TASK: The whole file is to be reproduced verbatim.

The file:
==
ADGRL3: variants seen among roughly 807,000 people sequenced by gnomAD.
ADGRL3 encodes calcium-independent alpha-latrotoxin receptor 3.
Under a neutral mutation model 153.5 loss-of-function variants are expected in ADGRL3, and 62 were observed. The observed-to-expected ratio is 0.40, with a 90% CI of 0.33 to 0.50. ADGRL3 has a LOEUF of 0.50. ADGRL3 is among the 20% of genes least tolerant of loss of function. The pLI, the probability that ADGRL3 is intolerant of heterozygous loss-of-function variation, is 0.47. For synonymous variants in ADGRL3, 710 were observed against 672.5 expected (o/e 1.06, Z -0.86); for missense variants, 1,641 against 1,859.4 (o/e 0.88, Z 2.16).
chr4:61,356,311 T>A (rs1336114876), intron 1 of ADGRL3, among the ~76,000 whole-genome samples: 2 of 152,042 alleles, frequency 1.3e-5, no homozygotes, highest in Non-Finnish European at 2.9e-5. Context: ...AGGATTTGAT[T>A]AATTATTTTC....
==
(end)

ADGRL3: variants seen among roughly 807,000 people sequenced by gnomAD.
ADGRL3 encodes calcium-independent alpha-latrotoxin receptor 3.
Under a neutral mutation model 153.5 loss-of-function variants are expected in ADGRL3, and 62 were observed. The observed-to-expected ratio is 0.40, with a 90% CI of 0.33 to 0.50. ADGRL3 has a LOEUF of 0.50. ADGRL3 is among the 20% of genes least tolerant of loss of function. The pLI, the probability that ADGRL3 is intolerant of heterozygous loss-of-function variation, is 0.47. For synonymous variants in ADGRL3, 710 were observed against 672.5 expected (o/e 1.06, Z -0.86); for missense variants, 1,641 against 1,859.4 (o/e 0.88, Z 2.16).
chr4:61,356,311 T>A (rs1336114876), intron 1 of ADGRL3, among the ~76,000 whole-genome samples: 2 of 152,042 alleles, frequency 1.3e-5, no homozygotes, highest in Non-Finnish European at 2.9e-5. Context: ...AGGATTTGAT[T>A]AATTATTTTC....